By Debora Bess Siegel
Maggie’s do-gooder mom was forever shopping, cleaning and cooking for a score of venerable Yiddish-accented extended family members. During school vacations and on weekends, Maggie’s Good Samaritan Mom would invariably invite her to accompany her on her house calls and she would invariably refuse, having absolutely no desire to face the onslaught of cheek pinching, wet kisses, squeezing and rude comments that her mother’s charity cases bestowed upon her. “Maggichka come sit next to me so I can have a good look at you…I see you enjoy your food…how old are you now? … Really, already nine – your mom was already turning heads at that age…Maggiele what big white teeth you have; Tanya you must get them straightened or she’ll look like a chipmunk…Tanya dearest she looks like Pippi Longstocking with her red hair and freckled nose; you must keep her out of the sun or she’ll be covered with them…”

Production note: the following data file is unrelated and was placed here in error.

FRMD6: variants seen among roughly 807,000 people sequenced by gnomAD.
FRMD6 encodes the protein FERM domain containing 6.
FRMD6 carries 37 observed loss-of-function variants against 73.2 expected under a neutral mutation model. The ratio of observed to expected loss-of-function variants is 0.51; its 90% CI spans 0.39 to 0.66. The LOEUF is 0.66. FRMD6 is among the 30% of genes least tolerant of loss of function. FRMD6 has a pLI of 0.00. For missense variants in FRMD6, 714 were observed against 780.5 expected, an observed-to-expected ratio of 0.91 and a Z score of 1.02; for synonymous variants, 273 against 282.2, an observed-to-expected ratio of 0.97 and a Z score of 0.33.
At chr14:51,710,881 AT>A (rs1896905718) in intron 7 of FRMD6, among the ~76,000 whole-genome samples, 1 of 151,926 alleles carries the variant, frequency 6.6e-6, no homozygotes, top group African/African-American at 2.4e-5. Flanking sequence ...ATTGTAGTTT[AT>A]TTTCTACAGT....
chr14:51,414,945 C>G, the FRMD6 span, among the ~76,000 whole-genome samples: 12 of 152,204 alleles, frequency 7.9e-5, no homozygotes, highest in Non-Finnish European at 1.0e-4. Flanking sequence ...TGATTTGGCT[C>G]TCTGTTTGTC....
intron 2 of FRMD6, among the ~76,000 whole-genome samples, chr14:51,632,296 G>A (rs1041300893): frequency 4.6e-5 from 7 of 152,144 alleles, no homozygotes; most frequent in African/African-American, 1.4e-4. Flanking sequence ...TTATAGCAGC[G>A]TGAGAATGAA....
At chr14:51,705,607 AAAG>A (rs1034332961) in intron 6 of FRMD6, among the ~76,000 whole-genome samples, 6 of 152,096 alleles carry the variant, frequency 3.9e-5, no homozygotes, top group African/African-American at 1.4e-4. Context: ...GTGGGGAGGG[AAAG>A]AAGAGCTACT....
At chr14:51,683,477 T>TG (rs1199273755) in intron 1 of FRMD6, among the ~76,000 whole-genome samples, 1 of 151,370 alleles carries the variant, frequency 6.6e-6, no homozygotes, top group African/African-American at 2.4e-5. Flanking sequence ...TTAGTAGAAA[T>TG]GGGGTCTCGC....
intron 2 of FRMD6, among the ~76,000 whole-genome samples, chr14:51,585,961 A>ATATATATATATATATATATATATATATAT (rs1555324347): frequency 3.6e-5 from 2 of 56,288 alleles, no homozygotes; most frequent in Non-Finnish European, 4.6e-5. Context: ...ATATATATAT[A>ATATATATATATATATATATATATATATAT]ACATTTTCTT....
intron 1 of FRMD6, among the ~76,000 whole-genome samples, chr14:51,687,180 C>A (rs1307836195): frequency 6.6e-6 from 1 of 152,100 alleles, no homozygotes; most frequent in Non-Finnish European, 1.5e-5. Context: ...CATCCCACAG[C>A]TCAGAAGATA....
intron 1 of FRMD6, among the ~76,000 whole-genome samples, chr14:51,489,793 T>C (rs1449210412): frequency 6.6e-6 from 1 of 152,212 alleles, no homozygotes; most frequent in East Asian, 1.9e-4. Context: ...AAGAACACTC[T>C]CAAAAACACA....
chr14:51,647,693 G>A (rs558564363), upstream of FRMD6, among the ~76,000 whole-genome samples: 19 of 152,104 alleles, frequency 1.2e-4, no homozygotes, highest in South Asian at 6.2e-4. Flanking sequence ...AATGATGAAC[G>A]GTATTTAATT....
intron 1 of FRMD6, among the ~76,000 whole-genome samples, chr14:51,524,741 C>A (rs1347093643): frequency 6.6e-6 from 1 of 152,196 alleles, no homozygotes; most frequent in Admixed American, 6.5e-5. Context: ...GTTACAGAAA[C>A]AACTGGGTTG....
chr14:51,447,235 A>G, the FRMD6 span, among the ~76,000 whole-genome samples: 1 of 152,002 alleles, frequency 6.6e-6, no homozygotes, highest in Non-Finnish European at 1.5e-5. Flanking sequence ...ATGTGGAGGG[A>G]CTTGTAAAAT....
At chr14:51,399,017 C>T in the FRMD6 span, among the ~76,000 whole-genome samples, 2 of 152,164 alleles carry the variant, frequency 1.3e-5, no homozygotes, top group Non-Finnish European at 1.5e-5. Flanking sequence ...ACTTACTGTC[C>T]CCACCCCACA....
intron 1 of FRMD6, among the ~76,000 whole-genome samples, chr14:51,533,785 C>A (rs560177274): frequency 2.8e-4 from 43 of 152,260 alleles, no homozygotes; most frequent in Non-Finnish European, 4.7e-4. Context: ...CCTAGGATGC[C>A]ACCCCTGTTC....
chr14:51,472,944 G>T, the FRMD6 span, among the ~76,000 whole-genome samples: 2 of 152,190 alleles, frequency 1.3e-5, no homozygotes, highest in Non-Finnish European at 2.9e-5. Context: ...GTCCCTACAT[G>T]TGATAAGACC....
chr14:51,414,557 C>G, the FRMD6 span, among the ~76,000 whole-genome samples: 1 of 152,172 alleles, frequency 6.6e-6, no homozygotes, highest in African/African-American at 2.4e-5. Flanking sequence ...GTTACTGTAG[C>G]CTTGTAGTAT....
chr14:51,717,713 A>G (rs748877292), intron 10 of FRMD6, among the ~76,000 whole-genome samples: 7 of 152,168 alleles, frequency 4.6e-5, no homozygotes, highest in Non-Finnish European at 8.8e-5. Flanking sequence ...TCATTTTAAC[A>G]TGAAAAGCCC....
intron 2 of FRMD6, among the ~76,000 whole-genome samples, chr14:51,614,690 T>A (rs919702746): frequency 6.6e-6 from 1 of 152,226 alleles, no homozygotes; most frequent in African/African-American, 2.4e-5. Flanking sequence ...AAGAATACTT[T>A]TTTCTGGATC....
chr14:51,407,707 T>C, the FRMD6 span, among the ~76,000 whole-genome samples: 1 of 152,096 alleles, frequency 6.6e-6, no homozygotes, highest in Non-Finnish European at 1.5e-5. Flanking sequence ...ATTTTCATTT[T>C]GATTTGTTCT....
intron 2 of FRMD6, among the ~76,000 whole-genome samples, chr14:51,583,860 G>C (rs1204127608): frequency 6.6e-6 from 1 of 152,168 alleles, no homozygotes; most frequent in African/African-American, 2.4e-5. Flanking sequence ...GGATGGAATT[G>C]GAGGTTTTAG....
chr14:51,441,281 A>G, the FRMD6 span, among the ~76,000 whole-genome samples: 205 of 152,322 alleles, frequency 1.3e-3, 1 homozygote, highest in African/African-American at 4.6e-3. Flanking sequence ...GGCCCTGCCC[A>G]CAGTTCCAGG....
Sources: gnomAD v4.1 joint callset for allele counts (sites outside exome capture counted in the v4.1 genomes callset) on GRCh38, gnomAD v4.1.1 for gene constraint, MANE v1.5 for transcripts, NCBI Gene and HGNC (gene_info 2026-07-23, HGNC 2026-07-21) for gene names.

Mom would try to convince Maggie of her duty with an array of moral-educating proverbs—reciting quotes and quips being a family tradition: It is more blessed to give than to receive or In Faith and Hope the world will disagree, but all mankind’s concern is Charity; but still Maggie would adamantly refuse. The one exception was visiting Auntie Bee.
“I’m going into the city to bring some groceries to Bee,” Mom yelled out from the kitchen and Maggie responded eagerly, “I’m coming too.”
“Only if you are ready instantly and help me carry the bags. Also, promise not to eat any candies she offers you; apart from adding needlessly to your middle, they may be filled with worms. Bee has no sense of time; the years pass without her noticing.”